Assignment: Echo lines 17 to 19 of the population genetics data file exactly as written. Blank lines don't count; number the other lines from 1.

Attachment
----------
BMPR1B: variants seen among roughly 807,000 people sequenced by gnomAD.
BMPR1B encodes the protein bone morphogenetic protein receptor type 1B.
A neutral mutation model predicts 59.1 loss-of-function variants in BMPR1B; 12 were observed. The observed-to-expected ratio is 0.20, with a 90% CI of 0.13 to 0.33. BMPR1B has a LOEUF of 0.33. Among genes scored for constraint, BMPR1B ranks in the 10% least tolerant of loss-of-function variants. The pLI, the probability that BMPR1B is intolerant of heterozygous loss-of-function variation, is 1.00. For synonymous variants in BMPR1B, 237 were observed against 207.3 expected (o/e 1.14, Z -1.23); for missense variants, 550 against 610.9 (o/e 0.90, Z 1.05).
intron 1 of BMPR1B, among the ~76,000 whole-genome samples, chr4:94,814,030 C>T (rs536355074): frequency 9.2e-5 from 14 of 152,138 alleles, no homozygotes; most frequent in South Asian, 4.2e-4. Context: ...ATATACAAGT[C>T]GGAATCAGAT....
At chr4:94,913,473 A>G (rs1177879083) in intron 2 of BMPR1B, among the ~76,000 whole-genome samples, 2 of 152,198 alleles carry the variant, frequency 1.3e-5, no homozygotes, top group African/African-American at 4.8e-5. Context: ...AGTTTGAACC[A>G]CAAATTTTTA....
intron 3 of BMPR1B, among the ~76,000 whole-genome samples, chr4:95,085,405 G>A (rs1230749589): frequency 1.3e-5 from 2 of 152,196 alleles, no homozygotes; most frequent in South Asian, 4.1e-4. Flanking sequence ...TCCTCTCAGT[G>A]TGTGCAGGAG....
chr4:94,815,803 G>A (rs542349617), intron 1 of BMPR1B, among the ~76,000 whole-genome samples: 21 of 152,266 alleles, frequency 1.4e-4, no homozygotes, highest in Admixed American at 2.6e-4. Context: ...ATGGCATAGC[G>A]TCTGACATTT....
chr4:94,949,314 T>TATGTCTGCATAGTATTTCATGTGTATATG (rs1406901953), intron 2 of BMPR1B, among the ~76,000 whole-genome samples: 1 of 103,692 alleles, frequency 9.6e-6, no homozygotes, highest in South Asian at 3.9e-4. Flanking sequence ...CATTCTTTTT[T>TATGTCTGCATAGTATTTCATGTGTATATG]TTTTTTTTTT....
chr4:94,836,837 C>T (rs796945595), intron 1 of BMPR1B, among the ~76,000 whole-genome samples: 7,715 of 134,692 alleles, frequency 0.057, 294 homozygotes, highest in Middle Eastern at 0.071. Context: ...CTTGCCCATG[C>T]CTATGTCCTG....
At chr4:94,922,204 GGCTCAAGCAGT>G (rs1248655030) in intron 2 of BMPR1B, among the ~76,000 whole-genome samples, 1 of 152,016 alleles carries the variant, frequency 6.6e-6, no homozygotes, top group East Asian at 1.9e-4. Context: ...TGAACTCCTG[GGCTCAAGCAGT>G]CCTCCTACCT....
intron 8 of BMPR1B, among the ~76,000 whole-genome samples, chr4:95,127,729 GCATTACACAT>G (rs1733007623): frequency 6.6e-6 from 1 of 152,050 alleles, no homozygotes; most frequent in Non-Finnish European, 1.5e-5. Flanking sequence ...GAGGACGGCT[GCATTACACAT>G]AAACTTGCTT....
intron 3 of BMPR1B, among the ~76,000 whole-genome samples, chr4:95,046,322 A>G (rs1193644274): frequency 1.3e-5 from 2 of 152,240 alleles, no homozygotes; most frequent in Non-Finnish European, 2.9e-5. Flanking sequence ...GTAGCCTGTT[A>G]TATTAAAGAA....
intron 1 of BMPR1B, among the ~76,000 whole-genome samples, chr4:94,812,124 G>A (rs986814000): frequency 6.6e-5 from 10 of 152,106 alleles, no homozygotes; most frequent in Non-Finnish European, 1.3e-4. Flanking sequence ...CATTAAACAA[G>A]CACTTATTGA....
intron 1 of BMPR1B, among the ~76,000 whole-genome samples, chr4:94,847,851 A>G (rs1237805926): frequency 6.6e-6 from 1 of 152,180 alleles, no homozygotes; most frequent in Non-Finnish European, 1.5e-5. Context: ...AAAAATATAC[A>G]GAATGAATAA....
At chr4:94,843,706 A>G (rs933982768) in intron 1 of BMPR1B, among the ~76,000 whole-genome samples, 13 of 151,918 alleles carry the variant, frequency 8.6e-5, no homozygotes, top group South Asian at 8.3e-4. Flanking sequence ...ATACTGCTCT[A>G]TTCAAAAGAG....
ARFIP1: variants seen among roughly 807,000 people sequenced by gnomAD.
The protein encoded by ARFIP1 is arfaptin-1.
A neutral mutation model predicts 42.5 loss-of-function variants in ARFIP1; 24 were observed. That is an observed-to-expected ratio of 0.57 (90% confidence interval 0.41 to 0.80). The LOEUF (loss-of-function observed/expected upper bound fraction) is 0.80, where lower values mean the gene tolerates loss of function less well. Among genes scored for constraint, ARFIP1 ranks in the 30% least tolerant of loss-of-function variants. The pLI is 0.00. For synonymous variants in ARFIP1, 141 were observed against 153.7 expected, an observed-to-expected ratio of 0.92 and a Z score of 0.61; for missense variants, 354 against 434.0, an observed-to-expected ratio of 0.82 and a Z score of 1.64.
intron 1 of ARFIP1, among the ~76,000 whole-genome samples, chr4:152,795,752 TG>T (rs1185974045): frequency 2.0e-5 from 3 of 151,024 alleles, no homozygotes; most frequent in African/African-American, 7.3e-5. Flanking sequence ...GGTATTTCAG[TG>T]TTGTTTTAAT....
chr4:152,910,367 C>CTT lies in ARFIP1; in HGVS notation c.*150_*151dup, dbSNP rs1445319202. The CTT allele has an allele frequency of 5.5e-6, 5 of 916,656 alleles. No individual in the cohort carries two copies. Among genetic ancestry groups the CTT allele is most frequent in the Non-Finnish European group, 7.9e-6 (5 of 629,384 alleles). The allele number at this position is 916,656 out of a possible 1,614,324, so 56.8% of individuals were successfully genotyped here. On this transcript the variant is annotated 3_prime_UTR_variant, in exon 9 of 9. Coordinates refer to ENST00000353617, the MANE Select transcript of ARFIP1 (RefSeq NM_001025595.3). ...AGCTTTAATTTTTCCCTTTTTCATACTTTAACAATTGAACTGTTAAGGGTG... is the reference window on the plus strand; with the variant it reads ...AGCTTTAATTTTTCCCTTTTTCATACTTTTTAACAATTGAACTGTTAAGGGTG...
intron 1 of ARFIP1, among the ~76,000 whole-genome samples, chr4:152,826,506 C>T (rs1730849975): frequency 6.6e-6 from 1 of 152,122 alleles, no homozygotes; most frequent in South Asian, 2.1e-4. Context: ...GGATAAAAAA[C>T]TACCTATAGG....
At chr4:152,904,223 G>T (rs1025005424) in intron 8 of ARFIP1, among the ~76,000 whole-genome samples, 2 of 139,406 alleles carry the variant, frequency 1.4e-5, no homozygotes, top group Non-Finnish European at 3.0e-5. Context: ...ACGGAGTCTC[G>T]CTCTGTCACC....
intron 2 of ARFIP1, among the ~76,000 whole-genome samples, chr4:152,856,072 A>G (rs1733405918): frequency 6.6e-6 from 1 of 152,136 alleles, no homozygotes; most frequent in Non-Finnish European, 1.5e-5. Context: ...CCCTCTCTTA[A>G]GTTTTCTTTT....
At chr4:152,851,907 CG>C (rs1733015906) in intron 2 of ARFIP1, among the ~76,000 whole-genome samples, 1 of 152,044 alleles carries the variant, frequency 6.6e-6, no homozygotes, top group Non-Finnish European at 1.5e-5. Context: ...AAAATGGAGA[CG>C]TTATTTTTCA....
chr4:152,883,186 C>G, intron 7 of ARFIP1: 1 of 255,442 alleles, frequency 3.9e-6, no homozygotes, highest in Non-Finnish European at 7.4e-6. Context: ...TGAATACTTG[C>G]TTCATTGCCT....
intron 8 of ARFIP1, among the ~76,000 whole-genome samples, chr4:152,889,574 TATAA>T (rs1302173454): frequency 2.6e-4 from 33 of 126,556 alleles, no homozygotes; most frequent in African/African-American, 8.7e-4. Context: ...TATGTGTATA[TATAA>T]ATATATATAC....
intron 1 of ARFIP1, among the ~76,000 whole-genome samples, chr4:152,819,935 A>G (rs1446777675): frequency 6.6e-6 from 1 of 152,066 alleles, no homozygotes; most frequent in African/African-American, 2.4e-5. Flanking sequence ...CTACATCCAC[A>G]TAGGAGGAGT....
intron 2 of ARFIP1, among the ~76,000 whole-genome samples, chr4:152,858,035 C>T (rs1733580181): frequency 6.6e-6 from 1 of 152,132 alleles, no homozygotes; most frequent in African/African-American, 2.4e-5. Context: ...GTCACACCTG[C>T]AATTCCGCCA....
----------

The protein encoded by ARFIP1 is arfaptin-1.
A neutral mutation model predicts 42.5 loss-of-function variants in ARFIP1; 24 were observed. That is an observed-to-expected ratio of 0.57 (90% confidence interval 0.41 to 0.80). The LOEUF (loss-of-function observed/expected upper bound fraction) is 0.80, where lower values mean the gene tolerates loss of function less well. Among genes scored for constraint, ARFIP1 ranks in the 30% least tolerant of loss-of-function variants. The pLI is 0.00. For synonymous variants in ARFIP1, 141 were observed against 153.7 expected, an observed-to-expected ratio of 0.92 and a Z score of 0.61; for missense variants, 354 against 434.0, an observed-to-expected ratio of 0.82 and a Z score of 1.64.
intron 1 of ARFIP1, among the ~76,000 whole-genome samples, chr4:152,795,752 TG>T (rs1185974045): frequency 2.0e-5 from 3 of 151,024 alleles, no homozygotes; most frequent in African/African-American, 7.3e-5. Flanking sequence ...GGTATTTCAG[TG>T]TTGTTTTAAT....